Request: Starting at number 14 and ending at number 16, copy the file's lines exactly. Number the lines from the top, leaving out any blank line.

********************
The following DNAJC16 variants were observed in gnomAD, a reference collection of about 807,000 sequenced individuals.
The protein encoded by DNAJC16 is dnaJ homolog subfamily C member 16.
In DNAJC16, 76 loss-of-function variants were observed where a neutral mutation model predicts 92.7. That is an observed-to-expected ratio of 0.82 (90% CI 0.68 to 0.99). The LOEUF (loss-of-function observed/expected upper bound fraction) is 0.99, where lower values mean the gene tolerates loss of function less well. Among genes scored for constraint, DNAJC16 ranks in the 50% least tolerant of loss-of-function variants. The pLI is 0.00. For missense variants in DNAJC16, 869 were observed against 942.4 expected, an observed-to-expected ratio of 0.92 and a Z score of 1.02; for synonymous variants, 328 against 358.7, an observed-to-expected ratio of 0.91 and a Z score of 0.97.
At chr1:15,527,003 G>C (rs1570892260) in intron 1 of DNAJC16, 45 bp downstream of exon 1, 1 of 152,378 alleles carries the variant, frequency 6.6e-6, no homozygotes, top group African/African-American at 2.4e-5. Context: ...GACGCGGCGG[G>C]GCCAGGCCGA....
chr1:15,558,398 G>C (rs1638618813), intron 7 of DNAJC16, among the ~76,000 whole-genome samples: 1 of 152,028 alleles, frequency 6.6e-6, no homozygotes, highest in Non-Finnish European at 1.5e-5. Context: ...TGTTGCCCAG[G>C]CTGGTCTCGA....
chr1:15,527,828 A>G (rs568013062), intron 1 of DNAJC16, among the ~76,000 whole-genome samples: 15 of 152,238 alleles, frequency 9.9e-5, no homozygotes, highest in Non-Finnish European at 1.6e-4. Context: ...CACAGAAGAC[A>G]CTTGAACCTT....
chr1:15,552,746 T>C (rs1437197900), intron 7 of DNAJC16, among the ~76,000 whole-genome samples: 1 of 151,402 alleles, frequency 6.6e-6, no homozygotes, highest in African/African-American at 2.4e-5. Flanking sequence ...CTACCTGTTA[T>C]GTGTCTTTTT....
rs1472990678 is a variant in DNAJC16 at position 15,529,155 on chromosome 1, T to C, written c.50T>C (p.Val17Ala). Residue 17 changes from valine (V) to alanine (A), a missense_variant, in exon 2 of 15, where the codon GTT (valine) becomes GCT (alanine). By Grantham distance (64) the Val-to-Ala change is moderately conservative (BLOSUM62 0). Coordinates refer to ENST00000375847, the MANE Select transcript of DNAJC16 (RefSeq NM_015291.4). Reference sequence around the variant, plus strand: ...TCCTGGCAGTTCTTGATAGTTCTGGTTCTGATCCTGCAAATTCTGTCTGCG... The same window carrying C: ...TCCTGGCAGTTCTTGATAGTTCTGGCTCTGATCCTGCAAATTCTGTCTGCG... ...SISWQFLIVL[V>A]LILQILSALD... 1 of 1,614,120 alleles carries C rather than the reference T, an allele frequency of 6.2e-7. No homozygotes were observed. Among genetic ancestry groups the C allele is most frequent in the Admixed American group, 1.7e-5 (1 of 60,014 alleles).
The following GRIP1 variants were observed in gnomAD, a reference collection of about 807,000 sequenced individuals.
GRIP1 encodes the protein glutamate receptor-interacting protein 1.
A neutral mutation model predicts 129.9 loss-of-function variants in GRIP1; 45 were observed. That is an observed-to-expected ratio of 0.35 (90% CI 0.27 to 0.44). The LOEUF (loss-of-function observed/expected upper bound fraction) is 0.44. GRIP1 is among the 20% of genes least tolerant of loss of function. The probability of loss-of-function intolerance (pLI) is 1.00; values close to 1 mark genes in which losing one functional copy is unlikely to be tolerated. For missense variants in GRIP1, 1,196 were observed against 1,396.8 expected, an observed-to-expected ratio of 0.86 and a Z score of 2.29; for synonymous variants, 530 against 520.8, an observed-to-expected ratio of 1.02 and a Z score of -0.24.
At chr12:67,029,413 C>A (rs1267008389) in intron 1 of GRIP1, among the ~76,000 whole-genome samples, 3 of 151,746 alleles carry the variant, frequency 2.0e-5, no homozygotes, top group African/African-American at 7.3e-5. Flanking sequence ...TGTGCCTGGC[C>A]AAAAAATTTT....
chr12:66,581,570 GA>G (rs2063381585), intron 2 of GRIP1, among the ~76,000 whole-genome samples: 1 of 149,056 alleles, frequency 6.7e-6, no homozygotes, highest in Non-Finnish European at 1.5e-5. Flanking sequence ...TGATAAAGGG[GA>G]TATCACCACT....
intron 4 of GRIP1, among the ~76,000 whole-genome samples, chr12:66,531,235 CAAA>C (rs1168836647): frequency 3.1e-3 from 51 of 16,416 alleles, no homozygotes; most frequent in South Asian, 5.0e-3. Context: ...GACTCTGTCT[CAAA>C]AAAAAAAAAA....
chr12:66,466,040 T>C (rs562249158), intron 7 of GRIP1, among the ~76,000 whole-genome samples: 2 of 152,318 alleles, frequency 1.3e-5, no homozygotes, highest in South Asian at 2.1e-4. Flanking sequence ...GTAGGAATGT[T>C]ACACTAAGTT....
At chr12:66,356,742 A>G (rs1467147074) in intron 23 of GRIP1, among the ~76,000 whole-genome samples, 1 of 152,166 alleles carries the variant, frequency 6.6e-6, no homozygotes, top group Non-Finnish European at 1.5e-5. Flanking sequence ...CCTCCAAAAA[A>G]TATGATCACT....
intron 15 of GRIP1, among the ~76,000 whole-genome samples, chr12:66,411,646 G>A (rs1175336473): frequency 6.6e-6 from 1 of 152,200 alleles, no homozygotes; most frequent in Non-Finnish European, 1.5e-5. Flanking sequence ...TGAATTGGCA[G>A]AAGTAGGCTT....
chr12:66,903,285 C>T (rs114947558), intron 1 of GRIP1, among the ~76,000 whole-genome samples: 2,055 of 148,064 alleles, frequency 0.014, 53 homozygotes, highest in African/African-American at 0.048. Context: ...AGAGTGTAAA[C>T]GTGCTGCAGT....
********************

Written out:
intron 4 of GRIP1, among the ~76,000 whole-genome samples, chr12:66,531,235 CAAA>C (rs1168836647): frequency 3.1e-3 from 51 of 16,416 alleles, no homozygotes; most frequent in South Asian, 5.0e-3. Context: ...GACTCTGTCT[CAAA>C]AAAAAAAAAA....
chr12:66,466,040 T>C (rs562249158), intron 7 of GRIP1, among the ~76,000 whole-genome samples: 2 of 152,318 alleles, frequency 1.3e-5, no homozygotes, highest in South Asian at 2.1e-4. Flanking sequence ...GTAGGAATGT[T>C]ACACTAAGTT....
At chr12:66,356,742 A>G (rs1467147074) in intron 23 of GRIP1, among the ~76,000 whole-genome samples, 1 of 152,166 alleles carries the variant, frequency 6.6e-6, no homozygotes, top group Non-Finnish European at 1.5e-5. Flanking sequence ...CCTCCAAAAA[A>G]TATGATCACT....